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Contemporary discourse on domestic immigration policy varies widely based on political affiliation, linguistics, and regional differences. This experimental study aimed to concurrently investigate three social psychological bases of attitudes towards unauthorized immigrants in the United States: political ideology, social labels, and social context. Participants were 744 adults, recruited from “New York Community College” (“NYCC”/urban) and “New Jersey Community College” (“NJCC”/suburban), who were randomly assigned to one of two experimental conditions: “illegal” vs. “undocumented”. Participants completed a scale measuring their attitudes towards unauthorized immigrants with the embedded label manipulation, followed by the General System Justification scale, and culminating with demographic items. Results demonstrated that whereas social context and political ideology both contributed significantly to the regression model, the social labels did not. Both high system justification and political conservatism predicted negative attitudes, but the latter effect was stronger for suburban students. Post-hoc analyses revealed a significant difference between suburban and urban students in the frequency of the social labels “illegal” and “undocumented” heard and seen among family members, friends, and the media. Implications are discussed with a focus on system justification as an explanatory theory for immigration attitudes, as well as contextual effects for it.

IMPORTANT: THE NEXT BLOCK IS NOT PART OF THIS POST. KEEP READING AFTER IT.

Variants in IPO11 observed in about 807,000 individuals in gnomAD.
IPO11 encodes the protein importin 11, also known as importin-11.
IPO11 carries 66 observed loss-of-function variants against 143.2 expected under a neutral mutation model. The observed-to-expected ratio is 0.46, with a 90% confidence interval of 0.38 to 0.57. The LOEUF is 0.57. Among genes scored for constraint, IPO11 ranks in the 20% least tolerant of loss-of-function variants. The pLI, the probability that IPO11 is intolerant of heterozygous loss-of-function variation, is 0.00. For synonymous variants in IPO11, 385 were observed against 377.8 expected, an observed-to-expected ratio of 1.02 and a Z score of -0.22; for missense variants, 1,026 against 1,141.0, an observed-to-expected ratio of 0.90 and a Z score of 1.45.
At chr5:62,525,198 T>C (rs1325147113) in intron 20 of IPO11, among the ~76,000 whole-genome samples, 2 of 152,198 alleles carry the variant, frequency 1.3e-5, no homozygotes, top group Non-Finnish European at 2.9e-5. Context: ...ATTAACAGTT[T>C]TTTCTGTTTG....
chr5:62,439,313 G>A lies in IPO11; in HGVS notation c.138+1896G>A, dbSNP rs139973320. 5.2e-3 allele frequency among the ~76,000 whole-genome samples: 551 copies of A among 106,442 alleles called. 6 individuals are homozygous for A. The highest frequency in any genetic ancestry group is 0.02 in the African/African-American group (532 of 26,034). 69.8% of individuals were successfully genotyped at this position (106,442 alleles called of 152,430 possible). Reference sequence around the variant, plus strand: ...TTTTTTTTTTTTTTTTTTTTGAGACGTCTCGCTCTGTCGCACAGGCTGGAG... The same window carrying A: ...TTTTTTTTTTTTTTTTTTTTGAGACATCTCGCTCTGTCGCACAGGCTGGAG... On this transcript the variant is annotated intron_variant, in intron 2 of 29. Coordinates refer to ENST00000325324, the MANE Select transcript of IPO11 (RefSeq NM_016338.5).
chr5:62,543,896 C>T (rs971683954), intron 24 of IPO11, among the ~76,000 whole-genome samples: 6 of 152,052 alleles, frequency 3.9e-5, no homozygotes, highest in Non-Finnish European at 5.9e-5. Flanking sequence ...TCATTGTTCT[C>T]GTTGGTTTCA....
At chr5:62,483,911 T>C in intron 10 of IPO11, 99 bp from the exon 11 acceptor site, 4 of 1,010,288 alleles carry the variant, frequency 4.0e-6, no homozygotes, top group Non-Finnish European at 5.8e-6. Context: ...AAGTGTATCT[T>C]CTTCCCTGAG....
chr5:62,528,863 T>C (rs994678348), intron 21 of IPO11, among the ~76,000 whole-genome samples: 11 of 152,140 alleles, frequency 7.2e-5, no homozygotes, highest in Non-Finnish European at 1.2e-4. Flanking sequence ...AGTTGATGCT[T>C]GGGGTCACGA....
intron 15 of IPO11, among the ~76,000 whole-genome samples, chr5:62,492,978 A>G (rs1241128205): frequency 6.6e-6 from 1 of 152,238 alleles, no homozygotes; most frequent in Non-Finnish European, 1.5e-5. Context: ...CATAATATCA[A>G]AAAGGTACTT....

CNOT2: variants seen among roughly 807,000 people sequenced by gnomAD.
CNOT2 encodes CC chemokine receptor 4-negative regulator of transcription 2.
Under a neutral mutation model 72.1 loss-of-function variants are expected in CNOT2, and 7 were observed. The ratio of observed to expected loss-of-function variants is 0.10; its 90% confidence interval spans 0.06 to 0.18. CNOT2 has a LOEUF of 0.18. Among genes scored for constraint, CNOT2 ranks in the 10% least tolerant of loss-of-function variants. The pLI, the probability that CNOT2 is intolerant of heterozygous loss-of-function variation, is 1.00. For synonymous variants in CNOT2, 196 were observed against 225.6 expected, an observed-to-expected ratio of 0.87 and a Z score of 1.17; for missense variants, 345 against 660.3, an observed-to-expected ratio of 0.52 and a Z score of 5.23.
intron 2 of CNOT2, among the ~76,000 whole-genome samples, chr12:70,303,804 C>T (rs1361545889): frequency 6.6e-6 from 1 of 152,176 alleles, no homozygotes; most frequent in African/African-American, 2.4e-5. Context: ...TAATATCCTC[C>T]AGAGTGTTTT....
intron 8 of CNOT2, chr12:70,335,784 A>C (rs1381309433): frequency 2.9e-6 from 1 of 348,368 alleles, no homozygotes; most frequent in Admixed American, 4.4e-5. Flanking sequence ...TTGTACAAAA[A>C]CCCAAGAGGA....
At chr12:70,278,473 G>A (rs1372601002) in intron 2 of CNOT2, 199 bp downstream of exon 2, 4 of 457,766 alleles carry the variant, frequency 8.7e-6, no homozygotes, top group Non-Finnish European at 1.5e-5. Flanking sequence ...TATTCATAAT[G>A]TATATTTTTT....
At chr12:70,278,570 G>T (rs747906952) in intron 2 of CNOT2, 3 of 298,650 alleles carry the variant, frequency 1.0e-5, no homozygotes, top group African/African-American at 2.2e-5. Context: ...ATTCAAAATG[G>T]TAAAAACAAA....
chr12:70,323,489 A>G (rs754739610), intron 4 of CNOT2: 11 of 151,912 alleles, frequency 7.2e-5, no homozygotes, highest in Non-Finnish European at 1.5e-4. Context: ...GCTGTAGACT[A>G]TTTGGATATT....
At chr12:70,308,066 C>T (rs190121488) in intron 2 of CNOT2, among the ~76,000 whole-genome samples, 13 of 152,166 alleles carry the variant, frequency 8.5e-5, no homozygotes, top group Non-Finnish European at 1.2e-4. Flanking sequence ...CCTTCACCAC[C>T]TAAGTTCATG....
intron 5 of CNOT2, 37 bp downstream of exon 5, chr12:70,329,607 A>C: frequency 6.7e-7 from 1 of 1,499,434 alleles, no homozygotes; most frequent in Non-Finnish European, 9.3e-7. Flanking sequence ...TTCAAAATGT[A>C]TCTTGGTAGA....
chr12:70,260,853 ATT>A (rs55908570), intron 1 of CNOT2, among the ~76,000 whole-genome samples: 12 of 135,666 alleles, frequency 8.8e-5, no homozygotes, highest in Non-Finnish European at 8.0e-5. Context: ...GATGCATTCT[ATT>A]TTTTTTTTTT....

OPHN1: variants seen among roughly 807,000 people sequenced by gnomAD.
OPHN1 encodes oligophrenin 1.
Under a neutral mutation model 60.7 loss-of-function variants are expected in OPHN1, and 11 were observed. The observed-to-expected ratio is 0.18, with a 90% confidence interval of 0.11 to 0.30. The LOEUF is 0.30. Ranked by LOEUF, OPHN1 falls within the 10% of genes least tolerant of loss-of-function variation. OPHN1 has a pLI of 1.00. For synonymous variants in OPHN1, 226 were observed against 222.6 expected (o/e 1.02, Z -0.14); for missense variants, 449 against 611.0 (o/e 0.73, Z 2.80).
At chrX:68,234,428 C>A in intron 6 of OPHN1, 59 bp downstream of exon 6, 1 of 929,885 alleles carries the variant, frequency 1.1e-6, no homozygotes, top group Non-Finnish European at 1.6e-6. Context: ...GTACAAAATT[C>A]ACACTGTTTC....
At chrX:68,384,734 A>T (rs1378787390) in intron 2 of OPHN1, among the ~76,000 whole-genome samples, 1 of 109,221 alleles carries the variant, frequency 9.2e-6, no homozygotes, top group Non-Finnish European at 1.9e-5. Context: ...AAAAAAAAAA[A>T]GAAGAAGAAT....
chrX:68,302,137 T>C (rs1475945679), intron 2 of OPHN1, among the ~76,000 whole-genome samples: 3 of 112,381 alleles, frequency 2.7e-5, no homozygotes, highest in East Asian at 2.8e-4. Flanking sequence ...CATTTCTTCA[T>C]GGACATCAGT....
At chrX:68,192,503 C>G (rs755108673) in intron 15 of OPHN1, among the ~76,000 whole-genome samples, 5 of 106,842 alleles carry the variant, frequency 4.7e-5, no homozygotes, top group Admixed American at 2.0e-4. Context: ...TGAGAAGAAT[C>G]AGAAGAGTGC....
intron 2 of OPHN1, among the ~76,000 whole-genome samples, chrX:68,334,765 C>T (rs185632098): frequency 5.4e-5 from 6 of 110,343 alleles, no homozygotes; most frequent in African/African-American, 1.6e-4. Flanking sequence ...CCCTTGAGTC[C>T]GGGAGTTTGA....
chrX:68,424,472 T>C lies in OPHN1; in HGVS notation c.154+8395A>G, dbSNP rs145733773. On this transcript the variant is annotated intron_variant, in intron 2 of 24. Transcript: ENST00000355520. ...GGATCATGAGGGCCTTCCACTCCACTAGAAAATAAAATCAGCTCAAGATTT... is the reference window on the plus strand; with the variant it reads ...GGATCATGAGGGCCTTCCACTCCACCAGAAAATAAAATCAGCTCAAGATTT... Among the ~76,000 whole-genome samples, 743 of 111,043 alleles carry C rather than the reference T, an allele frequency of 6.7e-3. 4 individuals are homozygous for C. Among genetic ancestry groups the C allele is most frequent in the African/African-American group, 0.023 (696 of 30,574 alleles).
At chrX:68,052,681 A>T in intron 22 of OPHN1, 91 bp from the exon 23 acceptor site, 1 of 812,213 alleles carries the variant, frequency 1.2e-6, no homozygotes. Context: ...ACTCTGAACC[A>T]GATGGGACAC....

This work originally appeared in the Journal of International Migration and Integration, available at



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